'Berlin, I Love You': Film Review

Not worth the visit.

Keira Knightley, Helen Mirren, Luke Wilson, Mickey Rourke, Jenna Dewan, Diego Luna and Jim Sturgess are among the stars of this latest installment of the anthology film series set in international cities.

Most anthology films give you the comfort of knowing that if you don't like one segment, another one will be following in just a few minutes. Berlin, I Love You perversely does the opposite. It makes you nervous that if you don't like one segment, which you surely won't, another mediocre-to-awful one will follow.

The latest installment in a dubious franchise revolving around love stories set in international cities (previous entries include Paris, Je T'Aime and New York, I Love You, although thankfully theatrical audiences seem to have been spared 2014's Tbilisi, I Love You), this film, like the others, is intended as a valentine to its setting. Unfortunately, it feels more like a poison pen letter.

A considerable array of talent has been assembled for this edition featuring 10 separate stories, including directors Peter Chelsom, Dennis Gansel and Til Schweiger; actors Helen Mirren, Mickey Rourke, Keira Knightley, Luke Wilson, Diego Luna; and screenwriter Neil LaBute, among many others. But their efforts come for naught in this wildly uneven exercise.

After an animated opening depicting the city's historical highlights, the movie begins with a segment involving two characters who act as a throughline, their story popping up periodically throughout. They're a male mime (Robert Stadlober) who wears angel wings resembling the ones in Wings of Desire (the ill-advised visual reference does this film no favors) and a female Israeli street singer (Rafaelle Cohen) newly arrived in the city. That they'll fall into each other's arms by the end of the film is a given, but never do we truly care.

Some of the stories have an odd charm, such as the one involving a heartbroken young man (Jim Sturgess) who finds a new reason to live thanks to a miraculous talking car who refuses to let him commit suicide by driving off a bridge. "Excuse me for saying this, but she's a bitch," the BMW comments about the woman who broke her driver's heart. There's also a quietly touching encounter between an 18-year-old boy celebrating his birthday and a drag queen (Diego Luna) whom he meets and asks for a kiss. 

Others are slight but harmless, such as the encounter of a burnt-out Hollywood producer (is there any other kind?) played by Luke Wilson and a beautiful young puppeteer (is there any other kind?) played by Dianna Agron (who also directed) who gives him creative and emotional inspiration.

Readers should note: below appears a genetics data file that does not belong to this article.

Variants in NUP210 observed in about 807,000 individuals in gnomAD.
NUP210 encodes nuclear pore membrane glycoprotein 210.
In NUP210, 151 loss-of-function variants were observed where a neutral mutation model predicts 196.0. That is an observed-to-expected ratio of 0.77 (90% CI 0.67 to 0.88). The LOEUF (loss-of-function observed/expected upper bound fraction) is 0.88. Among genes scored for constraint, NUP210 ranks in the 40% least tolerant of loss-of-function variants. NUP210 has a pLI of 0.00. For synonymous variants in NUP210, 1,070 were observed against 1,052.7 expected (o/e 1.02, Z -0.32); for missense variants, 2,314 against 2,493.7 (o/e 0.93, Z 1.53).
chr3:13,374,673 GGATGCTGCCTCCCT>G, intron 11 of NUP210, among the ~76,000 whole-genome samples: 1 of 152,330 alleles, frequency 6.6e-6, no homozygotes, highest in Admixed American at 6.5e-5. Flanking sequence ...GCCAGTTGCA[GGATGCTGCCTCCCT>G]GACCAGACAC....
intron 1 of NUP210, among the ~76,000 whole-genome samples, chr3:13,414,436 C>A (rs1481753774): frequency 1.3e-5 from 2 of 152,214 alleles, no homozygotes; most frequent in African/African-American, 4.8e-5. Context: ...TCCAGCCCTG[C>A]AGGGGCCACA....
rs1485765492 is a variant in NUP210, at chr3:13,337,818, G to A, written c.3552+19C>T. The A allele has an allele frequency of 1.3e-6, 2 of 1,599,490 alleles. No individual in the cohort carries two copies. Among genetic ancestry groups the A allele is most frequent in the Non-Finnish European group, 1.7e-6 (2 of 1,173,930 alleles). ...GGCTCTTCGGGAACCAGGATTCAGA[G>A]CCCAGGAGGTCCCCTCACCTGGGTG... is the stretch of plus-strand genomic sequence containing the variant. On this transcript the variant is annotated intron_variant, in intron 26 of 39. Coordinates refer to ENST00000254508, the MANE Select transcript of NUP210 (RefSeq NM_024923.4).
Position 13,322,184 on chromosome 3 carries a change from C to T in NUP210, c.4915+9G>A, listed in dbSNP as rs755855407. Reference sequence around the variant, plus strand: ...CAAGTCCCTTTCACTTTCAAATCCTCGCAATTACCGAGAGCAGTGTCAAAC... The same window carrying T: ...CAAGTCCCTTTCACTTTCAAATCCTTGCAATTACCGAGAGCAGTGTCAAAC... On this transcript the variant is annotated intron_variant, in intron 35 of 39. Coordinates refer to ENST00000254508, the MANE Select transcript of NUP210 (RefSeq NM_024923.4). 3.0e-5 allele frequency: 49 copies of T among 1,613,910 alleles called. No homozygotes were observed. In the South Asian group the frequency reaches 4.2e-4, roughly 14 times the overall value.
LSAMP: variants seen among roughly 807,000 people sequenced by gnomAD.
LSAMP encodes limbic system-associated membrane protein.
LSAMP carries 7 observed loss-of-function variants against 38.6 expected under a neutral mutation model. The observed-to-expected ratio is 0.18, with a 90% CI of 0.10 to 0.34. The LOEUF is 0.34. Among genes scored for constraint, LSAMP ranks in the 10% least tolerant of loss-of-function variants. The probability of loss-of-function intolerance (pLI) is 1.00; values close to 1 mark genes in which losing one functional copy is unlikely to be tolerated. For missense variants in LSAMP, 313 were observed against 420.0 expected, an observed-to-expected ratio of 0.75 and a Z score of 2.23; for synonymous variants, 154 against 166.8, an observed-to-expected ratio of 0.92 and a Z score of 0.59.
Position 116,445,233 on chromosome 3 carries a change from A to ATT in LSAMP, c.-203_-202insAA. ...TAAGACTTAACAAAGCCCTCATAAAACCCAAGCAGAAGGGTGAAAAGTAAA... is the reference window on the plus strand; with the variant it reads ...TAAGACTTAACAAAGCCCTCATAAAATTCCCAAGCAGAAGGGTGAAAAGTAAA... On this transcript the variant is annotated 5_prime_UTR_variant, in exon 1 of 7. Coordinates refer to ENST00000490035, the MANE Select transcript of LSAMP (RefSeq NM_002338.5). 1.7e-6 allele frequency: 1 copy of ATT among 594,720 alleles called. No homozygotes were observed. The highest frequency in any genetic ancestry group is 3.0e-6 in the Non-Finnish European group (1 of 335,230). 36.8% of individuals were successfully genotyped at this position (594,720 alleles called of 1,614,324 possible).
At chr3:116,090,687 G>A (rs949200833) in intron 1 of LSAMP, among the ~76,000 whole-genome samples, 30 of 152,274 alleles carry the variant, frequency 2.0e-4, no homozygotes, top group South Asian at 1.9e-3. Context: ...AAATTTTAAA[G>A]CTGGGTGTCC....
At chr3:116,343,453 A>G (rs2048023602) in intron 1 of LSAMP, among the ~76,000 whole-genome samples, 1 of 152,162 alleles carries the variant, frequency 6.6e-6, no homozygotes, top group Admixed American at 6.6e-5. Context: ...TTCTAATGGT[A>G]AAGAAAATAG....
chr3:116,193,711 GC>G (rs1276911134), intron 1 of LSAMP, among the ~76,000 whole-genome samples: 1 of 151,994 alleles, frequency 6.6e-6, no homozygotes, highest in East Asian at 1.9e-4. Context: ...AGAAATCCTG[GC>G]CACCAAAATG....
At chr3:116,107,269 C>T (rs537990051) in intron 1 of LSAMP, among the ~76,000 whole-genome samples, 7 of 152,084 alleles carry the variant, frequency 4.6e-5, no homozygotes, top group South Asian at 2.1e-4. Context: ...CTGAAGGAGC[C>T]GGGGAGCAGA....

Immigration, a hotbed issue in Germany these days, is mildly addressed in a few segments, including one involving a refugee center worker (Knightley) who brings a young Arab boy home temporarily, much to her mother's (Mirren) disapproval. Care to guess whether the mother warms up to her adorable young houseguest by the time it ends?

The most egregious chapter features Rourke as an American businessman who gets unaccountably hit on by a gorgeous, much younger woman (Toni Garnn) in a hotel bar. After telling her a sorrowful story about how he's never been able to get over his regret for not having been able to know his daughter whose custody he lost when she was a child, the young woman agrees to go to his hotel room. The segment was scripted by LaBute, who specializes in shocking twist endings, but this one you can see coming from the very beginning. And if you ever wanted to see Rourke in his tighty-whiteys, here's your chance.  

Besides its narrative deficiencies, the anothology film fails in its central goal of making you fall in love with the locale in which it's set. Despite Kolja Brandt's handsome cinematography, Berlin, I Love you provides little sense of the city's atmosphere or character. Other than a few moments, it might as easily been set in any large city. But Vancouver, I Love You just doesn't look as sexy on a marquee.

Production companies: Bily Media Berlin, Rheingold Films, Shotz Fiction Film, Walk on Water Filmproduction, Getaway Pictures, Ever So Close
Distributor: Saban Films
Cast: Keira Knightley, Helen Mirren, Luke Wilson, Mickey Rourke, Jenna Dewan, Diego Luna, Jim Sturgess, Nolan Funk, Charlotte Le Bon, Iwan Rheon
Directors: Dianna Agron, Peter Chelsom, Claus Clausen, Fernando Eimbcke, Justin Franklin, Dennis Gansel, Dani Levy, Daniel Lwowski, Stephanie Martin, Josef Rusnak, Til Schweiger, Massy Tadjedin
Screenwriters: Claus Clausen, Fernando Eimbcke, Dennis Gansel, Neil LaBute, Dani Levy, Rebecca Rahn, Edda Reiser, Massy Tadjedin, David Vernon
Producers: Claus Clausen, Edda Reiser
Executive producers: Emmanuel Bernbihy, Jeffrey Konvitz, Jeff Geoffray, Daniel Rainey, Alice de Sousa, Arianne Fraser, Delphine Perrier, Glenn Ackermann, Jason Piette, Ivan Gulas, Krisztina Endrenyi, Gyorgy Gattyan, Till Neumann, Steffen Aumuller, Daniel Lwowski
Director of photography: Kolja Brandt
Production designer: Albrecht Konrad
Editors: Peter R. Adam, Christoph Strothjohann
Composers: Tom Batoy, Franco Tortora|
Costume designer: Heike Fademrecht

Rated R, 120 minutes